EDITORIAL: Standing O for batter at school's plate
Since 2015, Casey’s been at bat for Coeur d’Alene School District.
The senior member of the district’s Board of Trustees opted not to run again this fall after his eight-plus years of public service, some of the most challenging — and rewarding — years of service imaginable.
So Casey Morrisroe did the next best thing: He lent his support to Jimmy McAndrew, who won his race Nov. 7 and will take Casey’s place on the board next month.
Electing McAndrew is a win that ameliorates somewhat the loss of Morrisroe to the district. Had either McAndrew or Trustee Heather Tenbrink not emerged victorious in the local election, the school board might have tilted in a dangerously extreme direction.
But this editorial is less an election rehash than an attempt to hold up Casey Morrisroe as a model worth emulating — as a husband and a father of four daughters; as a local business owner; and as a person who willingly sacrificed untold hours of family and business time for one big, beautiful reason: the betterment of his community.
Unlike some candidate imports, Morrisroe grew up in the school district he has represented so admirably. He learned before he led, serving first on the district’s Long Range Planning Committee, a tenure that gave him insights into the school system that no outsider could fathom.
His experience on the committee prepared him well for full-fledged service as a trustee, and we will state now that over many years of community news coverage, we have never encountered an elected official who out-worked Casey Morrisroe.
Nor have we always agreed on important issues. In 2017, for example, Morrisroe and his fellow school board members, following their legal counsel’s advice, withheld public records regarding the contract of departed Superintendent Matt Handelman that The Press felt should be disclosed to district patrons.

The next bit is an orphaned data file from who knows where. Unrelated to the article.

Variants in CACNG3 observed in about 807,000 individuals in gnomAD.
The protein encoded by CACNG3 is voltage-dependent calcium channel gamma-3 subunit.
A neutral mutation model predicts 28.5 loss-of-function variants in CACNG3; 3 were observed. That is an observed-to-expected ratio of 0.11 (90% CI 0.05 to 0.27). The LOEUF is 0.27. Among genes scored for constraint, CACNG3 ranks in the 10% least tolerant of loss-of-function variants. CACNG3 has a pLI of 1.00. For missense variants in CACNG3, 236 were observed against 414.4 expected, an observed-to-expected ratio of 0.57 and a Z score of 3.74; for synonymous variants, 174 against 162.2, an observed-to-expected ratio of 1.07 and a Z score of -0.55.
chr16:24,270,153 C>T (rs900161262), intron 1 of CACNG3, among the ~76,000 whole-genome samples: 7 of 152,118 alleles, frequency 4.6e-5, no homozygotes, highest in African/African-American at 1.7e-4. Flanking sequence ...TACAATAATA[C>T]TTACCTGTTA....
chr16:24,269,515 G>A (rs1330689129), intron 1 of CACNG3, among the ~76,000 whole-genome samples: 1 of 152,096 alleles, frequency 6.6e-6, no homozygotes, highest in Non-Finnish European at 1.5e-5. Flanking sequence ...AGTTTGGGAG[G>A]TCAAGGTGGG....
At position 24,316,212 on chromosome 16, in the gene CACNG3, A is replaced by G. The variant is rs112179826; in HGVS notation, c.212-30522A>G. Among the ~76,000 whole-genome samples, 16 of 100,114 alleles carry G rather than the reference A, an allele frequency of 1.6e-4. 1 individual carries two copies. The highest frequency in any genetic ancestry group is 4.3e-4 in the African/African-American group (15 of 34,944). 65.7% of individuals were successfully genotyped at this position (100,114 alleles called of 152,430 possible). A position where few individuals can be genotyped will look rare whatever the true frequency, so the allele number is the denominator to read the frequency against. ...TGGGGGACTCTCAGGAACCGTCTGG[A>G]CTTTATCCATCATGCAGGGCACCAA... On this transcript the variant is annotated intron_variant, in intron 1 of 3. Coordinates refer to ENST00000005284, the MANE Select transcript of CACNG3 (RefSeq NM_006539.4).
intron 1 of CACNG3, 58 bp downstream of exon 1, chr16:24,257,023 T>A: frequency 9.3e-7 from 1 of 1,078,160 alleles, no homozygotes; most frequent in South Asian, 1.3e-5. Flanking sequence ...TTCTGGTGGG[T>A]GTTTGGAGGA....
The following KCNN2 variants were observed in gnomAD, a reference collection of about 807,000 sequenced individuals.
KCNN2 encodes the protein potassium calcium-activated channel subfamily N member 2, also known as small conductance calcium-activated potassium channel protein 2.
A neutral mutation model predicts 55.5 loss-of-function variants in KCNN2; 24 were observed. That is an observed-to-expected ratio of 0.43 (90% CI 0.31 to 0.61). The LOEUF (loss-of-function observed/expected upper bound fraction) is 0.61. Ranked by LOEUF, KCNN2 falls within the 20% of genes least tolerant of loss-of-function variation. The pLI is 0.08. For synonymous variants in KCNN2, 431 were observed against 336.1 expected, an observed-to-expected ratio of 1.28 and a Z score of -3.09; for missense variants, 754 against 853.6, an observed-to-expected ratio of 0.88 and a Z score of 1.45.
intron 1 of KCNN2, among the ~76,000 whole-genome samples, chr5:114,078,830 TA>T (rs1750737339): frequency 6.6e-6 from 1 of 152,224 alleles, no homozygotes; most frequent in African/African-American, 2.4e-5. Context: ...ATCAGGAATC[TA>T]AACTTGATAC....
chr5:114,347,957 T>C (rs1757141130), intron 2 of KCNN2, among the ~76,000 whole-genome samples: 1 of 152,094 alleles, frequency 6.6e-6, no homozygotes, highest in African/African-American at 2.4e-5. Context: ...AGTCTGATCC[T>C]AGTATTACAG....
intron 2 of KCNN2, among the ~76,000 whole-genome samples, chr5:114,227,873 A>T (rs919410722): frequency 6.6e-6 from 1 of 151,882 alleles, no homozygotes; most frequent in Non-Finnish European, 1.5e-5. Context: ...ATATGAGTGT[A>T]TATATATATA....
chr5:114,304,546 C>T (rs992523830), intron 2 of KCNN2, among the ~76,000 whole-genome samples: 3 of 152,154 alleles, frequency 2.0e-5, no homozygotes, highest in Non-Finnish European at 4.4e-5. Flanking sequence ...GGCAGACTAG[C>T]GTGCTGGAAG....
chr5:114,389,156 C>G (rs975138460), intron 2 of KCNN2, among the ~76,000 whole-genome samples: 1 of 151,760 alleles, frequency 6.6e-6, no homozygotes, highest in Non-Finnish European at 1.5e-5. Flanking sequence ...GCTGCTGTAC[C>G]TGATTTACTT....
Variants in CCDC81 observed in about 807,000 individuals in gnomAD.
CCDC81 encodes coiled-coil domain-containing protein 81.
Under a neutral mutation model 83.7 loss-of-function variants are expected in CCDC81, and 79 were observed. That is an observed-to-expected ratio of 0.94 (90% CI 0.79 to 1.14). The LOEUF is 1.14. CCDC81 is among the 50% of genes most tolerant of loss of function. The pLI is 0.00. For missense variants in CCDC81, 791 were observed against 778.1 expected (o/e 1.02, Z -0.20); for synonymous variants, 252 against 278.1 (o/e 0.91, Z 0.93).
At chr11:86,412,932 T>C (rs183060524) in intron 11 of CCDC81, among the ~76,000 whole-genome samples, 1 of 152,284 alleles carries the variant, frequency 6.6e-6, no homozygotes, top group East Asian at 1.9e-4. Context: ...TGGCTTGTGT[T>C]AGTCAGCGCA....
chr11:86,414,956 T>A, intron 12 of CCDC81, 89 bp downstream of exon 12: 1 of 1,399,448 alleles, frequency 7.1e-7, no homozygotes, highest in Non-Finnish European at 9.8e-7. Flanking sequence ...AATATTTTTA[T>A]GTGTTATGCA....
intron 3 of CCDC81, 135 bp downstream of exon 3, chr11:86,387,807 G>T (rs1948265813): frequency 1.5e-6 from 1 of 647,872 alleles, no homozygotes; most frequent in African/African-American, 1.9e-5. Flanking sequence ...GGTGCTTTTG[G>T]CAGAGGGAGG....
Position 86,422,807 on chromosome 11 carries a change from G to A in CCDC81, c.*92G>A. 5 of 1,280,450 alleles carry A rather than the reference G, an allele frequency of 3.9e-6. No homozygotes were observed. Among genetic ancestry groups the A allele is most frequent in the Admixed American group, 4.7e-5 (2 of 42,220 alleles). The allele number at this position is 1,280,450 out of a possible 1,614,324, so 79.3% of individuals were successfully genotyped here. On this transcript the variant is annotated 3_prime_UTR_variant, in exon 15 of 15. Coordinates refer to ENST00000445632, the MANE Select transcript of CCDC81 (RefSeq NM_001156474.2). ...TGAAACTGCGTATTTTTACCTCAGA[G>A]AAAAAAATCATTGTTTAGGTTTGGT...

Even though The Press prevailed, Morrisroe never held a grudge. The communication bridge he was building with the newspaper and the broader community was not shaken. In fact, it only grew stronger over the years because of Casey’s honesty, his earnest pursuit of excellence, and his relentless, positive work ethic.
All of these attributes were needed as Morrisroe and his colleagues carried the school district through a historically brutal time, the pandemic. Even as the Idaho “Freedom” Foundation was declaring war on public education and communities were bitterly divided on how best to deal with the COVID-19 crisis, Morrisroe was a pillar of strength, compassion and wisdom. Coeur d’Alene School District remains one of Idaho’s finest in no small part because of Morrisroe’s steady hand through that storm.
The Press is far from alone in feeling respect and appreciation for Morrisroe’s service. Please take time to thank him during or before his last school board meeting Dec. 8.
Not only did Casey not strike out, he blasted a home run every time his community needed him most.